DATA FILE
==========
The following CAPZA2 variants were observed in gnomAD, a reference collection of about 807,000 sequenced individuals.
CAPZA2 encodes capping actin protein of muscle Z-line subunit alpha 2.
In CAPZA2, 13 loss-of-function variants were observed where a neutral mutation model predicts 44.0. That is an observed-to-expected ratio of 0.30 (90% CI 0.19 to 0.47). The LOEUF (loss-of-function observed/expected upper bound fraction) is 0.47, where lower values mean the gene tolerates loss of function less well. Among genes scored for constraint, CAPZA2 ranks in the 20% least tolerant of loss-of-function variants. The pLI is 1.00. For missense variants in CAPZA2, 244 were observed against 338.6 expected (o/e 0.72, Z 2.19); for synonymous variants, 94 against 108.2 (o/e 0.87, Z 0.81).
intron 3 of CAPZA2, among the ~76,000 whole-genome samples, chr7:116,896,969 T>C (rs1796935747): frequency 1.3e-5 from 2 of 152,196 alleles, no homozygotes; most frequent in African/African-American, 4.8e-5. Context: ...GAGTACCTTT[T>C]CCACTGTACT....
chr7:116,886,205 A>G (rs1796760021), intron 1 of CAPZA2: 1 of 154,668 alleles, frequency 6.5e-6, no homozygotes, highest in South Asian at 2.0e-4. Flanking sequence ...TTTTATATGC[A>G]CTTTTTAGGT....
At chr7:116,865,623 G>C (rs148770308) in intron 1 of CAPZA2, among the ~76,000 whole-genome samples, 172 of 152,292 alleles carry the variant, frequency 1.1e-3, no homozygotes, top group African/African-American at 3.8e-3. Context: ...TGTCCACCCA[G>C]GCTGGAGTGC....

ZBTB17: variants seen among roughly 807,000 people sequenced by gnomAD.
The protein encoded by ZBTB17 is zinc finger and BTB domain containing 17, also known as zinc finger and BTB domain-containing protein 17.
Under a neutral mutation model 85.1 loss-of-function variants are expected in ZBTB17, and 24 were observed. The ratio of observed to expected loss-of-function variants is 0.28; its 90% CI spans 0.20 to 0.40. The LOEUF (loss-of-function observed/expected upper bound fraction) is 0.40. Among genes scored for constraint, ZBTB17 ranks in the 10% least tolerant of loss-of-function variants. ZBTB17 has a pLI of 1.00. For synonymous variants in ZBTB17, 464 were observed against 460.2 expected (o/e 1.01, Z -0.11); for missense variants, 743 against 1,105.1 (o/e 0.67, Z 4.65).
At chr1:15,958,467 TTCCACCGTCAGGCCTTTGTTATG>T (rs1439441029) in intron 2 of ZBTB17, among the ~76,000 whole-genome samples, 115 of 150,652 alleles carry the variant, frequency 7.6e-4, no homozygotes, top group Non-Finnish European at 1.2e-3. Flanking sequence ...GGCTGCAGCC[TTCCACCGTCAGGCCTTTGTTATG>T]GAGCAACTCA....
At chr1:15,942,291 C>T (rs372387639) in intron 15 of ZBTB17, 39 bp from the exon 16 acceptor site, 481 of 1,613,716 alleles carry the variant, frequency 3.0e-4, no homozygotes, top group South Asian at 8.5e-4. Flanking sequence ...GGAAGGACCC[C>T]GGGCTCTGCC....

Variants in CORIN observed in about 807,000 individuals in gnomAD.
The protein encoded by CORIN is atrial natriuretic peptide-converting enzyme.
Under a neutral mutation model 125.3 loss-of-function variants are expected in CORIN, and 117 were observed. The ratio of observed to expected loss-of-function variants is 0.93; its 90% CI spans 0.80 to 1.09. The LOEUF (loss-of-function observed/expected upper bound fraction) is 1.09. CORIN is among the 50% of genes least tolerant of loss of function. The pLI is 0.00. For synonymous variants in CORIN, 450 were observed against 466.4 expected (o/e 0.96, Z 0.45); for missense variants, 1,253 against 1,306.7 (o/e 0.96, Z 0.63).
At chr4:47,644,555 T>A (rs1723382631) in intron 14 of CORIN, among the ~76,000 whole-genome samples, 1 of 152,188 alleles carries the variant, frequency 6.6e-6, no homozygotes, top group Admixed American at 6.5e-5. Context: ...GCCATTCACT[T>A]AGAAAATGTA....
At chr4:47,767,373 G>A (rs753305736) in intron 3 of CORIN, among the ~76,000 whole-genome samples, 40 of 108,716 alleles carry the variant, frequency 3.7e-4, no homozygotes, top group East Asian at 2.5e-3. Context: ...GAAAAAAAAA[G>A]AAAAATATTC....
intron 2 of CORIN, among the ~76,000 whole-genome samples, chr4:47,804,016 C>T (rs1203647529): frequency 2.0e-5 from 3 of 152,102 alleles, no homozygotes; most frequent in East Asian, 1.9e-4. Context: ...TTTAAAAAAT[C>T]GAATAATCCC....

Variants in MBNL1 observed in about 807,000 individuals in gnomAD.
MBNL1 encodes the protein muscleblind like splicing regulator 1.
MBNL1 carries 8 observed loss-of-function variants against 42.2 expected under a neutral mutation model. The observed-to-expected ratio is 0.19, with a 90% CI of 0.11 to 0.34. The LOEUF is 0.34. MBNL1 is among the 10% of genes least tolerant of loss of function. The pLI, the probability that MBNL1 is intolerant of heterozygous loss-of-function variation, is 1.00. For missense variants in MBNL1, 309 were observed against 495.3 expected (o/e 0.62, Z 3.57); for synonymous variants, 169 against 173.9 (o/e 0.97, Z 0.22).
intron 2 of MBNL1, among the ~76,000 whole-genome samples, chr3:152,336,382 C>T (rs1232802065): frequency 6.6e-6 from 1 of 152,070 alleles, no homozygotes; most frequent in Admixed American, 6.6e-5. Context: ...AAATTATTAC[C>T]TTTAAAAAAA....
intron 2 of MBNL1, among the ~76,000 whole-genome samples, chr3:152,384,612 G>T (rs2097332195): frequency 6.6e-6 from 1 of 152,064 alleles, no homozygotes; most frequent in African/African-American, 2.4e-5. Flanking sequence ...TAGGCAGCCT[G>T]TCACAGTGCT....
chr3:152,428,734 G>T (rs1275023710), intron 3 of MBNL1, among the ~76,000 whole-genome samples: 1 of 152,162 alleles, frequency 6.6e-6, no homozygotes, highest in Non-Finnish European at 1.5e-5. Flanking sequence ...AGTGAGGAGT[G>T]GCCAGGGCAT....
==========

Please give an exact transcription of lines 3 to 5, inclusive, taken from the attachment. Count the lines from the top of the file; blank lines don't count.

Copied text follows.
In CAPZA2, 13 loss-of-function variants were observed where a neutral mutation model predicts 44.0. That is an observed-to-expected ratio of 0.30 (90% CI 0.19 to 0.47). The LOEUF (loss-of-function observed/expected upper bound fraction) is 0.47, where lower values mean the gene tolerates loss of function less well. Among genes scored for constraint, CAPZA2 ranks in the 20% least tolerant of loss-of-function variants. The pLI is 1.00. For missense variants in CAPZA2, 244 were observed against 338.6 expected (o/e 0.72, Z 2.19); for synonymous variants, 94 against 108.2 (o/e 0.87, Z 0.81).
intron 3 of CAPZA2, among the ~76,000 whole-genome samples, chr7:116,896,969 T>C (rs1796935747): frequency 1.3e-5 from 2 of 152,196 alleles, no homozygotes; most frequent in African/African-American, 4.8e-5. Context: ...GAGTACCTTT[T>C]CCACTGTACT....
chr7:116,886,205 A>G (rs1796760021), intron 1 of CAPZA2: 1 of 154,668 alleles, frequency 6.5e-6, no homozygotes, highest in South Asian at 2.0e-4. Flanking sequence ...TTTTATATGC[A>G]CTTTTTAGGT....